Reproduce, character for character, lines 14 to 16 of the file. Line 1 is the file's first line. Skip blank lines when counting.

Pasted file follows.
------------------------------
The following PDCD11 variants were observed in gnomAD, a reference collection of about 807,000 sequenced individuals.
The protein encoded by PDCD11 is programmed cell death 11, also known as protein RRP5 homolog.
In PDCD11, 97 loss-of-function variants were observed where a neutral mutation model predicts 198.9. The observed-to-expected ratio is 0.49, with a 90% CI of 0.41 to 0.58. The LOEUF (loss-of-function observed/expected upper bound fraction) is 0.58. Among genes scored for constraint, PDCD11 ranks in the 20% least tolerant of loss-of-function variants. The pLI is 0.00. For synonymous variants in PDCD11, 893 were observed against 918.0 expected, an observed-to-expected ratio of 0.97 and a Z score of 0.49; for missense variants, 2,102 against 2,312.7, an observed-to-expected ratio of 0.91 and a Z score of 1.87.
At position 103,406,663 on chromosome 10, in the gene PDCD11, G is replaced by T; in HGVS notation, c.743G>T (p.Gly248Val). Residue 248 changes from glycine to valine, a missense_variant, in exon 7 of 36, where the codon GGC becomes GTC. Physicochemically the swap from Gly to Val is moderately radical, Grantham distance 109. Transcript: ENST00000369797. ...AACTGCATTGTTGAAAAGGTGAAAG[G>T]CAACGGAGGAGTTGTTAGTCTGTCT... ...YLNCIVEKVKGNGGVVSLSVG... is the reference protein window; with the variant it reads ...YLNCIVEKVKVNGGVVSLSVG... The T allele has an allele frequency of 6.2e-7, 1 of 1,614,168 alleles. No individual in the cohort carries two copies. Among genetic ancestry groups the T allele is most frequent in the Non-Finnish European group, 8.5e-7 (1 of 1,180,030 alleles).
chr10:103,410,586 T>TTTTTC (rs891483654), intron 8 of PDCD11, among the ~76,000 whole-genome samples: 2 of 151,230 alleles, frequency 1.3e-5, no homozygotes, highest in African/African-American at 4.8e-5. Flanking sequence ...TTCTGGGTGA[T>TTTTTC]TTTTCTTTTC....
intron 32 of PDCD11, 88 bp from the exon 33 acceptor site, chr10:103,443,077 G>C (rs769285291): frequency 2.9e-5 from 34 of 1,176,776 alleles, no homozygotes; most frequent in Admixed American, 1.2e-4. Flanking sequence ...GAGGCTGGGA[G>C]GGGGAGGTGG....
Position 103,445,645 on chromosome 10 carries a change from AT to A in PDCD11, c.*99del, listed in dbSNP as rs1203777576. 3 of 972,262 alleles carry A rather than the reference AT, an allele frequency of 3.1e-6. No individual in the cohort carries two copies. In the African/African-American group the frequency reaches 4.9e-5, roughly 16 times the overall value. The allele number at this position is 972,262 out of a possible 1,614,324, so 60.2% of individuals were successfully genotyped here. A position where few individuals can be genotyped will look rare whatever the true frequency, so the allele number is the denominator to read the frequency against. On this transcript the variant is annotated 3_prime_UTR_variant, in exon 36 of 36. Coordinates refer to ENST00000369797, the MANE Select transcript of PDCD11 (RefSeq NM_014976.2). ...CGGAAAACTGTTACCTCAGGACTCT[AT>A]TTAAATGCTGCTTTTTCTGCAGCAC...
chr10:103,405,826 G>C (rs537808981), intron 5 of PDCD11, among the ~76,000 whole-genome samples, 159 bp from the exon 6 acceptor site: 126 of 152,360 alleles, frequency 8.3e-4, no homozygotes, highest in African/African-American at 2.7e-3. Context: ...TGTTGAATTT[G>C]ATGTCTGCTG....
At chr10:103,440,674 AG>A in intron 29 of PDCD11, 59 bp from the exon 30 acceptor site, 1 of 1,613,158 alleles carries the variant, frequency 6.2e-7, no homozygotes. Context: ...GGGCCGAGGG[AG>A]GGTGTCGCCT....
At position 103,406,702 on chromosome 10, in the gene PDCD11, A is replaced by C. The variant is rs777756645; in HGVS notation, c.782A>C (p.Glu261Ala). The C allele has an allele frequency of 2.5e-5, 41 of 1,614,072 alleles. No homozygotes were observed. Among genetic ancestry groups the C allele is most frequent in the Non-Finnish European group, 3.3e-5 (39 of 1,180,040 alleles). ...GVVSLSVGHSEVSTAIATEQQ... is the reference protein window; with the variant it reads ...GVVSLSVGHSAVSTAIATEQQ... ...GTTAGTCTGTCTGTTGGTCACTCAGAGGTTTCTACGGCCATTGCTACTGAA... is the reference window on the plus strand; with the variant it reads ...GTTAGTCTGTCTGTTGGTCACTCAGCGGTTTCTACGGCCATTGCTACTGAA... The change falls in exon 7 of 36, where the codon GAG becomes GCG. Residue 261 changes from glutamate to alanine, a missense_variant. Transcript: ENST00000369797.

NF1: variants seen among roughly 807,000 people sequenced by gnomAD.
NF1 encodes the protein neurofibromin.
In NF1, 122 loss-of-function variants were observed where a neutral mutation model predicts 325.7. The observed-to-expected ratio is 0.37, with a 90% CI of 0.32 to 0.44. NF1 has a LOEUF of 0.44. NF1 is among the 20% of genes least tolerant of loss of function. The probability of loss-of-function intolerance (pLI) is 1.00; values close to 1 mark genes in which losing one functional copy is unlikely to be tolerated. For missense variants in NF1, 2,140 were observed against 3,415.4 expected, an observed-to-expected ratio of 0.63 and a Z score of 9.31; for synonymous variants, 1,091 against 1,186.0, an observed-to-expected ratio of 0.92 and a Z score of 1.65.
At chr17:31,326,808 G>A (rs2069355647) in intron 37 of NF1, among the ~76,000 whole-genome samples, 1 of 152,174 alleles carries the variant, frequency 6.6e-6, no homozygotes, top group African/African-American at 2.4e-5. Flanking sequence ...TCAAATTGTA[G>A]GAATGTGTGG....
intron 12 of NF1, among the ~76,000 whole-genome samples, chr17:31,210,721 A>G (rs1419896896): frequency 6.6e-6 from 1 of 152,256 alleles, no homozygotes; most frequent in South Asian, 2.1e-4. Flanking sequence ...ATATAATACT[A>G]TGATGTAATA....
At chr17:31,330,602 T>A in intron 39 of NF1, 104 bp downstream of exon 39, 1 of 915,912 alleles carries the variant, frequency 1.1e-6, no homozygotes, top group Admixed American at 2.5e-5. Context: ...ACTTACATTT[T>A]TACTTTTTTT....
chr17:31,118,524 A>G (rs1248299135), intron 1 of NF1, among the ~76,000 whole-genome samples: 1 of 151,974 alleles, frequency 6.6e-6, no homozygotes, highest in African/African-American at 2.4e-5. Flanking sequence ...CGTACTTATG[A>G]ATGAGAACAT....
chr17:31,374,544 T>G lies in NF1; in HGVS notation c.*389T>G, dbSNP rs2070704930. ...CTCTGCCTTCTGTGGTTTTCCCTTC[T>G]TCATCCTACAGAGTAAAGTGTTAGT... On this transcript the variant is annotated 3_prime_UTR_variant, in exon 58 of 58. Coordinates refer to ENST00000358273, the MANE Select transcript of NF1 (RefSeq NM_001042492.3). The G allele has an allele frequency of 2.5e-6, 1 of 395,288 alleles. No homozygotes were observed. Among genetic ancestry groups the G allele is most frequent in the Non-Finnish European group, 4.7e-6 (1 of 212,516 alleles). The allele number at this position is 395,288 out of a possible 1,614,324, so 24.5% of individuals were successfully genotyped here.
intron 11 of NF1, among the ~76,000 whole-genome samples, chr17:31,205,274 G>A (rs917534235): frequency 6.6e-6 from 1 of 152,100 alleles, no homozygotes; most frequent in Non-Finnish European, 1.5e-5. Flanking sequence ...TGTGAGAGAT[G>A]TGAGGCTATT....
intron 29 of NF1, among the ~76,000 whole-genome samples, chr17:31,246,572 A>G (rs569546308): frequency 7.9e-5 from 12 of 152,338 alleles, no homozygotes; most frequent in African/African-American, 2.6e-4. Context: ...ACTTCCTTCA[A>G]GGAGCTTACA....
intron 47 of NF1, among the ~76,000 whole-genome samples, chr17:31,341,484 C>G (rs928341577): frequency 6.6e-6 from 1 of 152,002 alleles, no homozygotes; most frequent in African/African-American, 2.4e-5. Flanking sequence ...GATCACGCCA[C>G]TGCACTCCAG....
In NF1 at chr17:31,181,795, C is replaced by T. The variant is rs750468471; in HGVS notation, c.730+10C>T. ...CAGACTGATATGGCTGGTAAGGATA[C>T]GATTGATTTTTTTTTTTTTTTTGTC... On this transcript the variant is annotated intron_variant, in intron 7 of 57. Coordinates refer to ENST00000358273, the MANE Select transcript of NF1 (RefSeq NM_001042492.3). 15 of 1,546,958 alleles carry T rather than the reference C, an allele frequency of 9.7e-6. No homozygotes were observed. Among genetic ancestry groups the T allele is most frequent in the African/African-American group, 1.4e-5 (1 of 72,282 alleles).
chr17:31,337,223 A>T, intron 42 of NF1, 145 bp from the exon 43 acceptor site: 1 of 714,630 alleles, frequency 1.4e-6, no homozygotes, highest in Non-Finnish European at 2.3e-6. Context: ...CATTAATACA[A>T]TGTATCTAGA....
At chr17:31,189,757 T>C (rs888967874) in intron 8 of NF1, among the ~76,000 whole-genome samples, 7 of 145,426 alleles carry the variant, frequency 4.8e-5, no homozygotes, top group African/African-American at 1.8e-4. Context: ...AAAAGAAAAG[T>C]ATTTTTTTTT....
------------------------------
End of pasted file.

At chr17:31,326,808 G>A (rs2069355647) in intron 37 of NF1, among the ~76,000 whole-genome samples, 1 of 152,174 alleles carries the variant, frequency 6.6e-6, no homozygotes, top group African/African-American at 2.4e-5. Flanking sequence ...TCAAATTGTA[G>A]GAATGTGTGG....
intron 12 of NF1, among the ~76,000 whole-genome samples, chr17:31,210,721 A>G (rs1419896896): frequency 6.6e-6 from 1 of 152,256 alleles, no homozygotes; most frequent in South Asian, 2.1e-4. Flanking sequence ...ATATAATACT[A>G]TGATGTAATA....
At chr17:31,330,602 T>A in intron 39 of NF1, 104 bp downstream of exon 39, 1 of 915,912 alleles carries the variant, frequency 1.1e-6, no homozygotes, top group Admixed American at 2.5e-5. Context: ...ACTTACATTT[T>A]TACTTTTTTT....